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SANDitecture: where sand and assignment collide

News story

If you happened to pass by Alcoa Court two weeks ago you may have seen a hubbub of students braving the intermittent weather to carve sculptures out of sand.

A crowd of students at the SANDitecture event

While at first glance the overall 200 student-strong crowd appeared to be simulating a day at the beach, in reality they were partaking in the final phase of SANDitecture, a 12-day assignment run by the School of Built Environment.


Led by WA artist and sand sculptor, Tim Darby, architecture and interior architecture students formed 5 man teams to build a sand sculpture inspired by a famous building.


Students carving a sand sculpture of the Sydney Opera House

An abstraction of Jorn Utzon’s Sydney Opera House and winner of the ‘Most Beautiful’ SANDitecture judging category.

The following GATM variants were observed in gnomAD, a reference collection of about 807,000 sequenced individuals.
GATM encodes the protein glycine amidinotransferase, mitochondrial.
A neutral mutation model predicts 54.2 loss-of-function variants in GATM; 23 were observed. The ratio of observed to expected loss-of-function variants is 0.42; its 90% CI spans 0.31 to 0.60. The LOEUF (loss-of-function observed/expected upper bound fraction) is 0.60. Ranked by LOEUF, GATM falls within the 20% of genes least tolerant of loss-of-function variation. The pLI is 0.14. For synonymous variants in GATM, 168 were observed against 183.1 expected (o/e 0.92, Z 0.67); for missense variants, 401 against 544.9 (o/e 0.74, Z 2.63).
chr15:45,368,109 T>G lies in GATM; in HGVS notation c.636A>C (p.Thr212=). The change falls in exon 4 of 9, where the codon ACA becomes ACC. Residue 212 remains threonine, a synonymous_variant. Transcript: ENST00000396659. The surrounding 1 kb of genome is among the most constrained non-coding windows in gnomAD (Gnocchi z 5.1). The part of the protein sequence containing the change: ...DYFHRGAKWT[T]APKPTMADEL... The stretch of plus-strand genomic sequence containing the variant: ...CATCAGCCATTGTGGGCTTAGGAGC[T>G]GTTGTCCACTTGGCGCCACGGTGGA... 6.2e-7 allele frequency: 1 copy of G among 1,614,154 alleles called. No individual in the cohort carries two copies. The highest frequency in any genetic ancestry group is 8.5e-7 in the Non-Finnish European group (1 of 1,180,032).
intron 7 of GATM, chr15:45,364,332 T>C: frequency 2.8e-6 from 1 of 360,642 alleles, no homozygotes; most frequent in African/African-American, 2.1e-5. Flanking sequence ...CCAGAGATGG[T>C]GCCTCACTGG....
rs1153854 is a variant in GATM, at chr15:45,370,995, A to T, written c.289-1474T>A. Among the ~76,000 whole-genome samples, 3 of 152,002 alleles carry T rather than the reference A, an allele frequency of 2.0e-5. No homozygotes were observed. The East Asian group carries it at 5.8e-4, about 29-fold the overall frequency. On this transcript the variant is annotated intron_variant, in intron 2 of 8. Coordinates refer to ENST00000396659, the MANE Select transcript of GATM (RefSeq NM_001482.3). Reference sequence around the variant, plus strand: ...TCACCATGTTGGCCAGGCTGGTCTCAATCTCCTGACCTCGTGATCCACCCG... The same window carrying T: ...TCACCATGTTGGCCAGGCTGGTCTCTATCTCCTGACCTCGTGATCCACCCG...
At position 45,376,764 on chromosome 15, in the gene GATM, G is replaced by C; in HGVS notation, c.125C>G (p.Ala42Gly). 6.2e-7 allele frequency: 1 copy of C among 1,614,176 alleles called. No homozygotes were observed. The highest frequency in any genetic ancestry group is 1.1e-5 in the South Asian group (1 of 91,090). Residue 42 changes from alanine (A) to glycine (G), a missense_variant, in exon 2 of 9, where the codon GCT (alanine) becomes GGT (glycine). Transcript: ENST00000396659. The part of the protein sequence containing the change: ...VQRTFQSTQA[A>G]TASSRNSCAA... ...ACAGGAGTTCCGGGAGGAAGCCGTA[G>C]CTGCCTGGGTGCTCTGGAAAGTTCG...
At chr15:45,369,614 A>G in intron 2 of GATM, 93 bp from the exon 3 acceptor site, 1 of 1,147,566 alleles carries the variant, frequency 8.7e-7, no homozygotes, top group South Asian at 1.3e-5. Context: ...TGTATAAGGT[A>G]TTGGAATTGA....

In the lead-up to the final sculpting phase, teams were given 10 days to research the key design features of their famous building and investigate elements such as form, mass, volume, texture, pattern, repetition, scale, balance and hierarchy.

The students were also taught a range of sculpting and preparation techniques from Tim Darby, such as pounding up the sand for maximum stability and packing it into crates to create a fresh block to carve from.

A single student carving a sand sculpture

The result? A plethora of sand sculptures ready for judging on the grounds of Alcoa.

“This exercise combined great team building skills, essential in any workplace, with the very basics of research, interpretative thinking and conceptualising designs in 3D,” said Ann Calic, the first year coordinator for interior architecture.

Students crafting their sand sculptures

“The atmosphere was dynamic with all the students energised by working outdoors and in teams on something totally different. It was a great way to break down barriers about learning and getting to know each other early in the year.”


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